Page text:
In class today we were given a paragraph to type down also a list of words to rewrite that paragraph using those list of words.

Here is the actual paragraph:

A rabbit is active at dawn and dusk. It's normal activity is recorded in a lab for 6 days, then recorded in constant darkness for another 10 days. There is still a pattern to the rabbit's behavior but it starts 20 minutes later each day.

List of words:

Biological Clock
Phase shift
period of

My paragraph:

A rabbit has a particular time for its activity. It is active at dawn and dusk, which is called crepuscular. It can't be nocturnal or diurnal since it is active both dawn and dusk (sunrise and sunset). Its normal exogenous biorhythm was recorded for 6 days with the zeitgeber present which was entraining the rhythm.
When the rabbit's activity was recorded in darkness, the zeitgeber was removed and the activity pattern was changed. The phase shift happened when the zeitgeber was removed and its activity started 20 minutes later each day. This means that the biorhythm is Circadean in the period of 24 hours, not Circatidal because rabbits don't live at the beach or the ocean. LOL.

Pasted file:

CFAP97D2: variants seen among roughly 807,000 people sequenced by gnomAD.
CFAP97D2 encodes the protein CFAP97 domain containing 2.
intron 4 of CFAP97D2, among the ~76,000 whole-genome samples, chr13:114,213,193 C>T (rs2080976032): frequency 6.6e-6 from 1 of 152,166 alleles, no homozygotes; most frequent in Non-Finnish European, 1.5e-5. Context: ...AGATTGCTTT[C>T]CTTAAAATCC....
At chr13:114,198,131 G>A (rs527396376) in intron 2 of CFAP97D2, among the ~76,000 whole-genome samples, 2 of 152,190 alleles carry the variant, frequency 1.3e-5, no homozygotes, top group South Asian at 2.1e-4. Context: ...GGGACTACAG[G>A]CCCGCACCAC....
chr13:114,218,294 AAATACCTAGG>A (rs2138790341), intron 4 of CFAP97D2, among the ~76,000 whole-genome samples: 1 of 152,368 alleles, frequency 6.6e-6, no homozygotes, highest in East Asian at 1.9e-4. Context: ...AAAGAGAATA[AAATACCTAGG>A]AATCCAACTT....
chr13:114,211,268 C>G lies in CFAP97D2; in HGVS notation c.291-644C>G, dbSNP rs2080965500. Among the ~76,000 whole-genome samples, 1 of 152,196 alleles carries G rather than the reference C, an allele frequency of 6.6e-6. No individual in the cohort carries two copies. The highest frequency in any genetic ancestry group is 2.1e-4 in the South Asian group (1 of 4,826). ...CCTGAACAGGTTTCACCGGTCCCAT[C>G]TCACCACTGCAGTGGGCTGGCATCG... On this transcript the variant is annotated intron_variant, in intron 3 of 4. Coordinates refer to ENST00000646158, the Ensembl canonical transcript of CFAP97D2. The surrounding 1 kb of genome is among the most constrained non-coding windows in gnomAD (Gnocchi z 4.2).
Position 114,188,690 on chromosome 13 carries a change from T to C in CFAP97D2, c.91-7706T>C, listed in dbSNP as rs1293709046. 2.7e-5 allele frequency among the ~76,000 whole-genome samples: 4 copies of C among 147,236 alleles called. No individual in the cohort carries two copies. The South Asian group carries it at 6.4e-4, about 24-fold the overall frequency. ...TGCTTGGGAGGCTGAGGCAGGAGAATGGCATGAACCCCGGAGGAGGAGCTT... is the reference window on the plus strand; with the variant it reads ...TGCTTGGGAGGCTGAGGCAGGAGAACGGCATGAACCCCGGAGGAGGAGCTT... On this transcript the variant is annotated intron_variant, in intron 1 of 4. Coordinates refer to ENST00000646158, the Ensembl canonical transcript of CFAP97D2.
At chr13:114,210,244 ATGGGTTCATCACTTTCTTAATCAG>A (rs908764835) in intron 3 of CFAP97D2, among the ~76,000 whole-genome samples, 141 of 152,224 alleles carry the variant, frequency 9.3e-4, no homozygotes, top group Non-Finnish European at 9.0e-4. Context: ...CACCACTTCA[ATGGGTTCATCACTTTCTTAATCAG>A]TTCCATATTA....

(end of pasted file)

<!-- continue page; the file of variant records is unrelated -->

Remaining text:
Because the zeitgeber was removed and its activity pattern still happened, it is endogenous, which means that the rabbit must have it's own biological clock. As the zeitgeber was removed, free-running  occurred, meaning that the rabbit's endogenous biological rhythm took over and made its own timing.

Wednesday, 27 July 2016

Debating Time

Today our Biology class did some debating on Euthanasia. I was in the team going against the idea of euthanasia. We were Blue Team. Here is the document that has our main points and rebuttle.

>Click here to see our argument plan

Thank you

Thursday, 5 May 2016

Class of 4

Today was a very productive day in Biology.

Students became teachers and the teacher became a student. We were all given different topics to learn on our own. And after we learn for a good 20 minutes, we all gather around in one table and teach each what we learnt about. After we teach each other about our lessons, we give them our activities that we came up with. Me and BobbiGrace did Kahoot, Cherub made us a crossword and Lana was to define it and draw a diagram about it.